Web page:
Hopefully a quick question for someone. I have a closed stair stringer that used to be embedded in a non load bearing wall that has been removed leaving only the ~1 1/2" stair stringer remaining. I want to put a handrail on it with balusters etc. Is there a minimum width for the shoe rail? In order to extend the stringer width to accommodate the shoe rail I was going to attach a long piece of 2x10 to the side of the stringer to give the extra width. Is there a better way to do this?


  • It requires a “handrail” AND a “guardrail”. The handrail must be mounted between 30” and 38” and can be on one side of the stairway only. The guardrail shall be mounted a minimum of 42” high.
    – Lee Sam
    Feb 24 '21 at 21:41
  • Hi, thanks for the response but not really what i was asking. I know it needs rail and guard but im asking about mounting the guard/balusters to the stringer
    – RossMcC
    Feb 24 '21 at 22:22
  • 2
    There's no minimum thickness as long as you use suitable fasteners. The only issue is how rigidly the stringer is attached to the treads and risers. Does it flex sideways at all? How much bounce is there in the stairs?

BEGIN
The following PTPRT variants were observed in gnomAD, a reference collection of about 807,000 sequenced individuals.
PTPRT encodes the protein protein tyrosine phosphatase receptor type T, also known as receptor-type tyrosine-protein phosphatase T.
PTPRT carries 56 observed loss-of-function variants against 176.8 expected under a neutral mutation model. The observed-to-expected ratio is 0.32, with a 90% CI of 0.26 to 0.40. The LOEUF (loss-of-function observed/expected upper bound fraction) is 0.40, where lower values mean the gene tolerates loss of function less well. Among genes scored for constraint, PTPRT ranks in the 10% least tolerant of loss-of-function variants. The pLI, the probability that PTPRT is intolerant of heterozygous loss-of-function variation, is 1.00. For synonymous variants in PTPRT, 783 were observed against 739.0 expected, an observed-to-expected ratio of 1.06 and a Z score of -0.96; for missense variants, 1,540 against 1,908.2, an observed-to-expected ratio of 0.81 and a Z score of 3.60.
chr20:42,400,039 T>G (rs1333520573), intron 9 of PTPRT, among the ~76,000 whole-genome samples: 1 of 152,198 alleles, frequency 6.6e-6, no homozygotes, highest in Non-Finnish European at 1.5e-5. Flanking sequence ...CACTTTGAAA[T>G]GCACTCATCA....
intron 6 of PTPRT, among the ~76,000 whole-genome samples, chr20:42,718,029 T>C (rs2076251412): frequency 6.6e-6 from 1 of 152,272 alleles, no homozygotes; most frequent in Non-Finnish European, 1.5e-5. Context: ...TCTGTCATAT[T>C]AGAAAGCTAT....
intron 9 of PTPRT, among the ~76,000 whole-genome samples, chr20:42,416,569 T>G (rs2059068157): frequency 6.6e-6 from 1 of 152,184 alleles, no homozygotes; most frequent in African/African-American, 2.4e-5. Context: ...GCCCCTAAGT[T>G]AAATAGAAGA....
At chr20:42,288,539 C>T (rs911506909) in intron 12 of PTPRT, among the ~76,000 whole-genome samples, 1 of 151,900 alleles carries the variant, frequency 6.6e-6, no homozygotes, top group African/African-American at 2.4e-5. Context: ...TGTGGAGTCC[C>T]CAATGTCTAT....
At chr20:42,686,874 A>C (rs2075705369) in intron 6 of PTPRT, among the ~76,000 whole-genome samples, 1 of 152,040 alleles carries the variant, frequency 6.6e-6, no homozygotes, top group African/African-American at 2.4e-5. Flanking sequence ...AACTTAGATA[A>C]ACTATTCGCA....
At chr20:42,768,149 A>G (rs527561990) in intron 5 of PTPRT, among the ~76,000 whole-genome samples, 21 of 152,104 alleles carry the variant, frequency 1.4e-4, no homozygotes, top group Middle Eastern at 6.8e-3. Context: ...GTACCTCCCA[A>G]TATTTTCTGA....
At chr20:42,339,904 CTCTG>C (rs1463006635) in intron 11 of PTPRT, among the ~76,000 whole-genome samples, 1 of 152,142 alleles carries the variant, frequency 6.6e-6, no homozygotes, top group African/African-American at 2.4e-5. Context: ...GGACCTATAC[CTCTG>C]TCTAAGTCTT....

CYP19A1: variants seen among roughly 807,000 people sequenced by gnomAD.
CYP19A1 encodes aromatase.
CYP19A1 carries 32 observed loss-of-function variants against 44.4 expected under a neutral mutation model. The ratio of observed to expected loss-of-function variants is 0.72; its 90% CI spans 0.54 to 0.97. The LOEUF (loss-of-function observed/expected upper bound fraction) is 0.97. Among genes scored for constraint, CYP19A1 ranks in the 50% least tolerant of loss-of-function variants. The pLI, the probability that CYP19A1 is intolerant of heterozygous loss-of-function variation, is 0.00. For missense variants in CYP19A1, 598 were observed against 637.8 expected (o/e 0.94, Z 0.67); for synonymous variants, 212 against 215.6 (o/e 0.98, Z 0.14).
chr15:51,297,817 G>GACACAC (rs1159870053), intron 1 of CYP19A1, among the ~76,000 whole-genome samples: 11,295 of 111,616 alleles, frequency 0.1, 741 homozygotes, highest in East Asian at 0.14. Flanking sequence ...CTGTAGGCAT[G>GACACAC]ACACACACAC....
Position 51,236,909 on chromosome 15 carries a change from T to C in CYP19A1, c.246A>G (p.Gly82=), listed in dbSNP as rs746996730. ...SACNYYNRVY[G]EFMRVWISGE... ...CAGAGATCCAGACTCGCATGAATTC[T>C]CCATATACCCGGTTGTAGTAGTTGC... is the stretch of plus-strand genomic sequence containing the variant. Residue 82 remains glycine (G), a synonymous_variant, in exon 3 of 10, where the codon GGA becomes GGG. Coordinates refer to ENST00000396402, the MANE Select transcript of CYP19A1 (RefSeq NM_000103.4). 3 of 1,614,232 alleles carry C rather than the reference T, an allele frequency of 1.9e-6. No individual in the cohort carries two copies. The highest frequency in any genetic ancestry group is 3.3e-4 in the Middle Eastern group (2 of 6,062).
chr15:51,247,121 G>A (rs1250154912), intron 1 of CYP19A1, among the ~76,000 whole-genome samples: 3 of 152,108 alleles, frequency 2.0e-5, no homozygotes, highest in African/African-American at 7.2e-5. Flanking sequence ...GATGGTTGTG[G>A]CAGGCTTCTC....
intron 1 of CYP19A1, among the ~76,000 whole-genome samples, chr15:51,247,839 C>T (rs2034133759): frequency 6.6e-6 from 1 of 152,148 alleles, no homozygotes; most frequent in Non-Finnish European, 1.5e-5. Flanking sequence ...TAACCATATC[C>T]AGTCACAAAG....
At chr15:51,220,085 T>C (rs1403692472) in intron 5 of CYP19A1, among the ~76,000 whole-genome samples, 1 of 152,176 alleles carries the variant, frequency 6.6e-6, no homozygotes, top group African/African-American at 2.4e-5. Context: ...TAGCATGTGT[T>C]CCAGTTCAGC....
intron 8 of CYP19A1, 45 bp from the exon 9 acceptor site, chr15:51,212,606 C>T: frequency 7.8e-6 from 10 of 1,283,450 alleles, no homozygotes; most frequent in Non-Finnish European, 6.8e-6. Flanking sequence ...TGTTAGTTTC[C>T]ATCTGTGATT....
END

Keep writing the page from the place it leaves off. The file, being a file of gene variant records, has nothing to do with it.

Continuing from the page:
– isherwood
    Feb 24 '21 at 22:34
  • Seems pretty stable. No flex or wobble and I reinforced under the stairs when I had access so its pretty rigid. I think I'd like the extra width just to give the shoe rail more stability but not sure if I just slap one long piece of wood to stringer side or do a wall frame style with 2 x 3s or 4s boxed out. Probably less weight on the stringer framed?
    – RossMcC
    Feb 24 '21 at 22:40

Typical Balusters will tend to make the stringer rotate when a force is applied perpendicular to the stairway. (Code requires a resistance of 200 lbs. applied at the top of the guardrail and perpendicular to the guardrail.) I’d try installing several newel posts along the stairway. They could extend from the floor up to the guardrail height so they won’t rotate.

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